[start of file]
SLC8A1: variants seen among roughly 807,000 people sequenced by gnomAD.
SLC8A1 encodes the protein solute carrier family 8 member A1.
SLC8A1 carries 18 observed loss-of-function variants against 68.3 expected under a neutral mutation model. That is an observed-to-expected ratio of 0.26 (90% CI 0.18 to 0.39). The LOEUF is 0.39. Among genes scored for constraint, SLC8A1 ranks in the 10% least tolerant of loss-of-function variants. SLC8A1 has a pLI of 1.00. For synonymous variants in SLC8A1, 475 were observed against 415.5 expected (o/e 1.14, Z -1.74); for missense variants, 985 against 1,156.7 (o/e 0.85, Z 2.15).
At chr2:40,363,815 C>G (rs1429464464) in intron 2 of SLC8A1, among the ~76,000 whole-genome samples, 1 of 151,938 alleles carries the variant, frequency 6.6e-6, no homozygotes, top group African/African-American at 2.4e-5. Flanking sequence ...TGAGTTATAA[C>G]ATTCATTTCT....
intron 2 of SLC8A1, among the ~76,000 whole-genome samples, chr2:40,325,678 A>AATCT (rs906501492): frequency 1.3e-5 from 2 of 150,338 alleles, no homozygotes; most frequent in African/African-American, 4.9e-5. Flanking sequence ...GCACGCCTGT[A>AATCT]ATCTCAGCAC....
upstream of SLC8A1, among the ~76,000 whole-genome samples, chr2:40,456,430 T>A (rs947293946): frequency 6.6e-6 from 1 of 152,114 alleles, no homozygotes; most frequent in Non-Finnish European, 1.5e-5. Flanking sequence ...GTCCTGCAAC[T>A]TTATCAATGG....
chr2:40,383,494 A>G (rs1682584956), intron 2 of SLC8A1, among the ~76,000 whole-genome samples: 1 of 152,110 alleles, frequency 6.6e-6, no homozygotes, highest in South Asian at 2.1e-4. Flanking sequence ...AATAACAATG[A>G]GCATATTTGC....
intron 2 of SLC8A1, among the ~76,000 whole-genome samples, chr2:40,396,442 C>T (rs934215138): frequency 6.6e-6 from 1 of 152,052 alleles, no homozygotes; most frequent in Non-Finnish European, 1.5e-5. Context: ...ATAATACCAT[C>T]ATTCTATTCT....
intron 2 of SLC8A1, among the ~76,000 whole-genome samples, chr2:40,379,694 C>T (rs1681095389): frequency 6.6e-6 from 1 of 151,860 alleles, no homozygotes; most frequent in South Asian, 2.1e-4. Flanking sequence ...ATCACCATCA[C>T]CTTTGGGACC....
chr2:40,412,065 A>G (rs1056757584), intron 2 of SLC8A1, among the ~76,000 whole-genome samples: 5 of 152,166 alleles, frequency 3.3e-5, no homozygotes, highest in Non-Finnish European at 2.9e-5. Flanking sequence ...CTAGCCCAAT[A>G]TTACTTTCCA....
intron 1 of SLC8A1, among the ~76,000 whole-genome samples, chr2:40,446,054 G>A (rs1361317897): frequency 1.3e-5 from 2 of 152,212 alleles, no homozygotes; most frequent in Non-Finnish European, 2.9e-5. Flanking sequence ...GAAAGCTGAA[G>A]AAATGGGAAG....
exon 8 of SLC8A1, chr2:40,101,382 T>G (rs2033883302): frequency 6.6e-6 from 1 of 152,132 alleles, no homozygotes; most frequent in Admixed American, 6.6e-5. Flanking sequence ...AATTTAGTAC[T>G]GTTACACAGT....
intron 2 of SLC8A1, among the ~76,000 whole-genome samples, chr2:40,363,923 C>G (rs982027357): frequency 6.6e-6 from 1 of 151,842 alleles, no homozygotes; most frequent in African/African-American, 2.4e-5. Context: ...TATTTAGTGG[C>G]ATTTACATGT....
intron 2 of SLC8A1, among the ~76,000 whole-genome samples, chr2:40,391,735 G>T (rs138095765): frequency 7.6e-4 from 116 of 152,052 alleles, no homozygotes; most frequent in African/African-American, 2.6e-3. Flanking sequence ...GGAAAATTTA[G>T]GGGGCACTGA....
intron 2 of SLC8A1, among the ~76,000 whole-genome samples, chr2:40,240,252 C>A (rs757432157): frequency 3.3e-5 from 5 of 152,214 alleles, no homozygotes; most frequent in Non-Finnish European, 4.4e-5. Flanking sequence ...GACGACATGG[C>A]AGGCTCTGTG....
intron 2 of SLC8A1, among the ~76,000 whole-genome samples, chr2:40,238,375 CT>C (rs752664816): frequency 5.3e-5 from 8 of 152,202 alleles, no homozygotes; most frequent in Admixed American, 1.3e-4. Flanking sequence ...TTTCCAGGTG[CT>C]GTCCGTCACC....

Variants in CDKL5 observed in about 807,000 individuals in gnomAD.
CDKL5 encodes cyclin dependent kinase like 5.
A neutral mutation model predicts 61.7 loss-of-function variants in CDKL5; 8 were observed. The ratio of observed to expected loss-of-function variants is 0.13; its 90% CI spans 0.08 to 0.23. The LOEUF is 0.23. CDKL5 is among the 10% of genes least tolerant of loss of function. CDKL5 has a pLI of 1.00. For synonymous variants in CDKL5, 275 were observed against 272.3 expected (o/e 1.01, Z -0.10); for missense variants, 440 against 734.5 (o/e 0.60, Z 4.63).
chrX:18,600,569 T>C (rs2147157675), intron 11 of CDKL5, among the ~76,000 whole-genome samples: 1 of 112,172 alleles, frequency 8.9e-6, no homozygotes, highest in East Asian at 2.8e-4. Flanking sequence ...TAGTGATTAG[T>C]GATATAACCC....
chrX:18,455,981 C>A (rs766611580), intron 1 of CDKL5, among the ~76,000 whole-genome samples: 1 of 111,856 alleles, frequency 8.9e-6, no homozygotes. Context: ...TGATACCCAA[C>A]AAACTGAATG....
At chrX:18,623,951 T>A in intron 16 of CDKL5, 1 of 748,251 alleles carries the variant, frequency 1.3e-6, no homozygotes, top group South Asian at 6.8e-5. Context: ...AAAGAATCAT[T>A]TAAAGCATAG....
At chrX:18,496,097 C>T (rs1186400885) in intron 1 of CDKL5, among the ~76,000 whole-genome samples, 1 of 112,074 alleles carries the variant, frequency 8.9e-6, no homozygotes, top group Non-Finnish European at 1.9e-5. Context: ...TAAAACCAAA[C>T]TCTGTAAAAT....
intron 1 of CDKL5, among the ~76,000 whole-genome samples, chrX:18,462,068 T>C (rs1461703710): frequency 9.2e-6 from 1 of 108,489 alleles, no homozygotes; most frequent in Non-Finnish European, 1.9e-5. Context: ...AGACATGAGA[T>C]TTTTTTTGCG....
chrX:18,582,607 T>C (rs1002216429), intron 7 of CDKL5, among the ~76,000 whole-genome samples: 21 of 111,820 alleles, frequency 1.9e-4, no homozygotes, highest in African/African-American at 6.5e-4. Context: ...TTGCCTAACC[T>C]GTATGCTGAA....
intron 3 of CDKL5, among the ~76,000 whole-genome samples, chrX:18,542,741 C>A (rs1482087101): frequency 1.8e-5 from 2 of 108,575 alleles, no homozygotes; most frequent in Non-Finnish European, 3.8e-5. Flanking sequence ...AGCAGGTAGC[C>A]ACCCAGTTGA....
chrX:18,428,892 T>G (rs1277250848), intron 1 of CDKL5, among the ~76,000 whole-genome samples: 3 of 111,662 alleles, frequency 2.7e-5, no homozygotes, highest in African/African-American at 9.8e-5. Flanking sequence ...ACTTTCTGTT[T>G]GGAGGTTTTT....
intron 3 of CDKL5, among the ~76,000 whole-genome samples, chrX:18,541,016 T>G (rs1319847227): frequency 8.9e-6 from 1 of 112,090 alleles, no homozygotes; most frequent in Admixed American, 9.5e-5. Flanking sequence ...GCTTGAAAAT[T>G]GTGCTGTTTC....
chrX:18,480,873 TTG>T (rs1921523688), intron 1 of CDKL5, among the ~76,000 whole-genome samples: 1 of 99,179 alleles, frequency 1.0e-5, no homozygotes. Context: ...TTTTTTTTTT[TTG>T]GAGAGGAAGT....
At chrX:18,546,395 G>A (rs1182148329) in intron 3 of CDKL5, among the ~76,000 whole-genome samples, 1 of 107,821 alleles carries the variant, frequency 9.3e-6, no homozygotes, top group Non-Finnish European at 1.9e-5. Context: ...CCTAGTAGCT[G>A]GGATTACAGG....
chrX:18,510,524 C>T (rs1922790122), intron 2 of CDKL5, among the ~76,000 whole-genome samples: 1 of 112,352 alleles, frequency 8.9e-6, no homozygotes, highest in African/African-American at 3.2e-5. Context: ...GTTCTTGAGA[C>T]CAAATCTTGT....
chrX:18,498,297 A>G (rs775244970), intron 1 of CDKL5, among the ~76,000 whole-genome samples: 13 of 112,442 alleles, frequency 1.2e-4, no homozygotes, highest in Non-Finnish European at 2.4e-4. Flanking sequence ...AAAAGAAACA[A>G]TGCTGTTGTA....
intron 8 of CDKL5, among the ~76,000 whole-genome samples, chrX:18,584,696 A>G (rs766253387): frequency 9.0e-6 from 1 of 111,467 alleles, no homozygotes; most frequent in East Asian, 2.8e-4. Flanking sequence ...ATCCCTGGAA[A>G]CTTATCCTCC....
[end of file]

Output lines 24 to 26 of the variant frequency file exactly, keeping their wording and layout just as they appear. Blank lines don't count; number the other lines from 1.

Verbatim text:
intron 1 of CDKL5, among the ~76,000 whole-genome samples, chrX:18,462,068 T>C (rs1461703710): frequency 9.2e-6 from 1 of 108,489 alleles, no homozygotes; most frequent in Non-Finnish European, 1.9e-5. Context: ...AGACATGAGA[T>C]TTTTTTTGCG....
chrX:18,582,607 T>C (rs1002216429), intron 7 of CDKL5, among the ~76,000 whole-genome samples: 21 of 111,820 alleles, frequency 1.9e-4, no homozygotes, highest in African/African-American at 6.5e-4. Context: ...TTGCCTAACC[T>C]GTATGCTGAA....
intron 3 of CDKL5, among the ~76,000 whole-genome samples, chrX:18,542,741 C>A (rs1482087101): frequency 1.8e-5 from 2 of 108,575 alleles, no homozygotes; most frequent in Non-Finnish European, 3.8e-5. Flanking sequence ...AGCAGGTAGC[C>A]ACCCAGTTGA....